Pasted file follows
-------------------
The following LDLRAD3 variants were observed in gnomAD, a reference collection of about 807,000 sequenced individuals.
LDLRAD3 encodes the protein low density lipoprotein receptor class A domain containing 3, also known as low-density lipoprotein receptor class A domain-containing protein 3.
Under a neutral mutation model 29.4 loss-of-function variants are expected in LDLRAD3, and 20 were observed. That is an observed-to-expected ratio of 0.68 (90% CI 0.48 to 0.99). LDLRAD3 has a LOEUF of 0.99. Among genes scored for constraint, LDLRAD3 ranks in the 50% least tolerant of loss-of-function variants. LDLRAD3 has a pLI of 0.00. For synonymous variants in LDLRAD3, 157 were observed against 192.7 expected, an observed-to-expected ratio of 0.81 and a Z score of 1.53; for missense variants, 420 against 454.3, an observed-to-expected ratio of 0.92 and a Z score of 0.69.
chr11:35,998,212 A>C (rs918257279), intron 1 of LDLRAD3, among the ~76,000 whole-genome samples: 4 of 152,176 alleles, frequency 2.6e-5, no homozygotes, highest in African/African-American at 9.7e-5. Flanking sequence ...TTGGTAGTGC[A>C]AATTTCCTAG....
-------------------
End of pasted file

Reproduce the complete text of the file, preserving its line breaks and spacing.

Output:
The following LDLRAD3 variants were observed in gnomAD, a reference collection of about 807,000 sequenced individuals.
LDLRAD3 encodes the protein low density lipoprotein receptor class A domain containing 3, also known as low-density lipoprotein receptor class A domain-containing protein 3.
Under a neutral mutation model 29.4 loss-of-function variants are expected in LDLRAD3, and 20 were observed. That is an observed-to-expected ratio of 0.68 (90% CI 0.48 to 0.99). LDLRAD3 has a LOEUF of 0.99. Among genes scored for constraint, LDLRAD3 ranks in the 50% least tolerant of loss-of-function variants. LDLRAD3 has a pLI of 0.00. For synonymous variants in LDLRAD3, 157 were observed against 192.7 expected, an observed-to-expected ratio of 0.81 and a Z score of 1.53; for missense variants, 420 against 454.3, an observed-to-expected ratio of 0.92 and a Z score of 0.69.
chr11:35,998,212 A>C (rs918257279), intron 1 of LDLRAD3, among the ~76,000 whole-genome samples: 4 of 152,176 alleles, frequency 2.6e-5, no homozygotes, highest in African/African-American at 9.7e-5. Flanking sequence ...TTGGTAGTGC[A>C]AATTTCCTAG....